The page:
VOICES FROM THE FIELDTHE IRC BLOG
Seeds of renewal in South Sudan
September 6, 2012 by Peter Biro
|After years of war, Mary Abraham returned to her village only to find it destroyed. As a member of an IRC-organized farmers group she has been able to grow food for herself and sell vegetables in the market. Photo: Peter Biro/IRC|
As the world’s newest nation struggles to recover from decades of war, the International Rescue Committee is helping South Sudanese reestablish family and community farms.
For Mary Abraham, a resident of the South Sudanese village of Kudo, every day is a small battle for survival. When her husband, a fighter with the pro-independence Sudan People’s Liberation Army (SPLA), was killed in the civil war that rocked this East African country for over two decades, she was left to care for their three children.
“I didn’t have any means to farm and we were always hungry,” the 30 year old recalls. “And I couldn’t afford to send my children to school.”
Mary and her family fled into the green hills surrounding Kudo, where for five years they slept under trees and in caves.
“We survived by eating fruit and wild vegetables,” she says.
After a peace accord in 2005 ended the fighting, Mary and hundreds of thousands South Sudanese returned to their villages. Most had spent long, hard years living in camps in neighboring Uganda, Kenya or Ethiopia, while others, like Mary, hid in the bush. But life in Kudo had changed.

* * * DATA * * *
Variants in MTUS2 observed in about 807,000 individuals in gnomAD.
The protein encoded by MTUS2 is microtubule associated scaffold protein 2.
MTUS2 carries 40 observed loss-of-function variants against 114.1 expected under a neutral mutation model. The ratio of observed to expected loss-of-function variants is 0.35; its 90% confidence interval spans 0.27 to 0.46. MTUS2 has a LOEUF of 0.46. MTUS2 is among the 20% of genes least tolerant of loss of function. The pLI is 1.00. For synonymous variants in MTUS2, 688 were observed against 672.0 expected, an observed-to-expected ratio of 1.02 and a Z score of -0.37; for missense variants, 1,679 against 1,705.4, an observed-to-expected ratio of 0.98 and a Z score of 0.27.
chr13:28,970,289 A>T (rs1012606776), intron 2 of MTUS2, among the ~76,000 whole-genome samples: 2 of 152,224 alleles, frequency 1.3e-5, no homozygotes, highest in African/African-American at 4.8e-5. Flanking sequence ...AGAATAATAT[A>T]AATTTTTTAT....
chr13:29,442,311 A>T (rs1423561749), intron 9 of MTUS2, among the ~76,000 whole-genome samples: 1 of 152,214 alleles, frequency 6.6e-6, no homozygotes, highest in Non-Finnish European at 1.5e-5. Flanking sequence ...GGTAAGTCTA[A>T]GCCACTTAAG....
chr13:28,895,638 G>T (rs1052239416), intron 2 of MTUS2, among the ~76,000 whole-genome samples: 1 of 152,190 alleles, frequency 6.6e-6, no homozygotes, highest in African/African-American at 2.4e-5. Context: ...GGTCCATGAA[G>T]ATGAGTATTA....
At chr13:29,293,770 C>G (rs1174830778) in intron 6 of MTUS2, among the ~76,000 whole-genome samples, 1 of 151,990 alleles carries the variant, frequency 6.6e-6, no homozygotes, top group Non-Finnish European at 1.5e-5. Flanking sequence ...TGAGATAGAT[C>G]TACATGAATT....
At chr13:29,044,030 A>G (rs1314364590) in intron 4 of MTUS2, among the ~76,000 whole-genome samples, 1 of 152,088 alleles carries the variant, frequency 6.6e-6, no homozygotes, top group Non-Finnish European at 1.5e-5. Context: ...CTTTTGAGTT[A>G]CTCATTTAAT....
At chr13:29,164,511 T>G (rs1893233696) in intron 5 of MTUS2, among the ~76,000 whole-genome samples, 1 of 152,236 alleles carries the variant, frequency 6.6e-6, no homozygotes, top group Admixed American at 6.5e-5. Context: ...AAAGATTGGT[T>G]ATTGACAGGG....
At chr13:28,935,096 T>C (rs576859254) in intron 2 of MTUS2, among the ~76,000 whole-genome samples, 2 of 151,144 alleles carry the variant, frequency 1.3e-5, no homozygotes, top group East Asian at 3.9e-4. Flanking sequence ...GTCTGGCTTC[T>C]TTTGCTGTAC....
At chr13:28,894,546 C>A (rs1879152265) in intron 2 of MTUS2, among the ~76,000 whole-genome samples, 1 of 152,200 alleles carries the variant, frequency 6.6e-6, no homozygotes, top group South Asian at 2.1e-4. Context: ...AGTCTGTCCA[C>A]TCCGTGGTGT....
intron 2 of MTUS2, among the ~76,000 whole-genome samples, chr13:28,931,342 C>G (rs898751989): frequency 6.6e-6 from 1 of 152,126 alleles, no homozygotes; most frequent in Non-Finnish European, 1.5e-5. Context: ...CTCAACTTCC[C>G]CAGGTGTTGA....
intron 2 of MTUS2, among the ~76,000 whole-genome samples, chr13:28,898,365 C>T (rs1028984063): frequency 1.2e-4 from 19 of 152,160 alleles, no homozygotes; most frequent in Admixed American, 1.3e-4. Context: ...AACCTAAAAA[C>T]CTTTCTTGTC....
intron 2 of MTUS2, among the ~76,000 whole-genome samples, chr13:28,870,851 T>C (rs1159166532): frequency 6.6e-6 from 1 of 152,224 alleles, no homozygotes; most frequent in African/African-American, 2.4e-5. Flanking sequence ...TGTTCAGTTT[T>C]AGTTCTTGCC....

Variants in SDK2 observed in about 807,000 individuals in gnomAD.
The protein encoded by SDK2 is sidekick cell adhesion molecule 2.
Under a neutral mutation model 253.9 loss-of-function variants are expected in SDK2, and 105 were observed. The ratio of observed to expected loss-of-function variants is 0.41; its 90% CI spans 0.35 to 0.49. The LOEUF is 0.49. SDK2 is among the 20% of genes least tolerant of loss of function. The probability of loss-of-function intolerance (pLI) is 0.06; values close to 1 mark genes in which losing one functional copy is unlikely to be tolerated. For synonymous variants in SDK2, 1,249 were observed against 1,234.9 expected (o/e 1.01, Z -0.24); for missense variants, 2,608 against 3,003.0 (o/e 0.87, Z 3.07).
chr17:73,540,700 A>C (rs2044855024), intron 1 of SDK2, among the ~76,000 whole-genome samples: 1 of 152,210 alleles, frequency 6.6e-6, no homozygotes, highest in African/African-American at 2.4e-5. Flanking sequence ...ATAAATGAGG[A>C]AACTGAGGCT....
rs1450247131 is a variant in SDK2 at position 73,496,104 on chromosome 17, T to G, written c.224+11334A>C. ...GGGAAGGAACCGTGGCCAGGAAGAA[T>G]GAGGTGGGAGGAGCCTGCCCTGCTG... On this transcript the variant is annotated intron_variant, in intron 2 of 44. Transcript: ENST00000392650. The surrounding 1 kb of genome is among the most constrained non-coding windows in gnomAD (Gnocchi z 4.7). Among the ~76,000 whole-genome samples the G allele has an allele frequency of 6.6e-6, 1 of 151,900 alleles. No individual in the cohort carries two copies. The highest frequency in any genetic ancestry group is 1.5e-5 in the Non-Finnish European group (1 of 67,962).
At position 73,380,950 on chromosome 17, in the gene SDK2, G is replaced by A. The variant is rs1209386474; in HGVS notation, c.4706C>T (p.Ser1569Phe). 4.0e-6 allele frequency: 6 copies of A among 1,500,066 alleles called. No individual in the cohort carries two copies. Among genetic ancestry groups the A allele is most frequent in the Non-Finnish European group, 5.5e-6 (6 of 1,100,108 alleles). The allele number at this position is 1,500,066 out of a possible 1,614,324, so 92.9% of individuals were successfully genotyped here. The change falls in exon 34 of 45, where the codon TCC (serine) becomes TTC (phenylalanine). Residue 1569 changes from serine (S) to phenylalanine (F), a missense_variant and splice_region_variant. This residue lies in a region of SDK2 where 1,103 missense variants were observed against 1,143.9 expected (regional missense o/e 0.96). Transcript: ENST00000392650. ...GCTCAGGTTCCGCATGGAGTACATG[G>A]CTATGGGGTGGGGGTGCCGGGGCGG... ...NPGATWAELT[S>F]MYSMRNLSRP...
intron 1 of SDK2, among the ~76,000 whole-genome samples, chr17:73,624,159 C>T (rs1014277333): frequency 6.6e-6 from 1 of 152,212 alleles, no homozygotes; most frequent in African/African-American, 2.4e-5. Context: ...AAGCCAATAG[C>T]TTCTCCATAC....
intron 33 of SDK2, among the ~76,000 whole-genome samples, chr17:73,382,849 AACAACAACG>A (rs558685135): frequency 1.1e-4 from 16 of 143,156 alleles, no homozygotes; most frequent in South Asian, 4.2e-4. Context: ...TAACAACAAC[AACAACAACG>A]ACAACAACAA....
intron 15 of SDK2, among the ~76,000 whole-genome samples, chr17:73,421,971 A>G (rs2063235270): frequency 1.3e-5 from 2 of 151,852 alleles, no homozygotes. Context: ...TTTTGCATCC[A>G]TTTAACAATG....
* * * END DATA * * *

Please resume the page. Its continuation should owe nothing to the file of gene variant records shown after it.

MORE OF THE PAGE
“The houses were ruined and all the fields destroyed,” Mary says.
Despite the fact that South Sudan gained independence last July, its economy continues to stagger from decades of war and neglect. Hunger and malnutrition are widespread.
To help Kudo and communities like it, the IRC last year launched a program that links farmers with potential buyers and assists them in transporting their produce to markets. The IRC also provides initial grants to farmers groups to purchase tools and high-quality seedlings better able to withstand pests, disease and drought. The farmers, who choose which crops to grow and put in all the labor, also receive business training.
The Kudo farmers group is now growing corn, peanuts, sorghum and other vegetables.
“We can eat well and also sell vegetables in the market,” says Joseph Kilimanjaro, the chair of the group. “This will bring more economic activity to our village. If people have money, more goods will come in and maybe shops will open.”
Mary Abraham is also optimistic about the future, both her own and the country’s.
“For the first time, I am hopeful,” she says. “Working together like this will change our lives. And me? I can finally pay for my children to go to school.”
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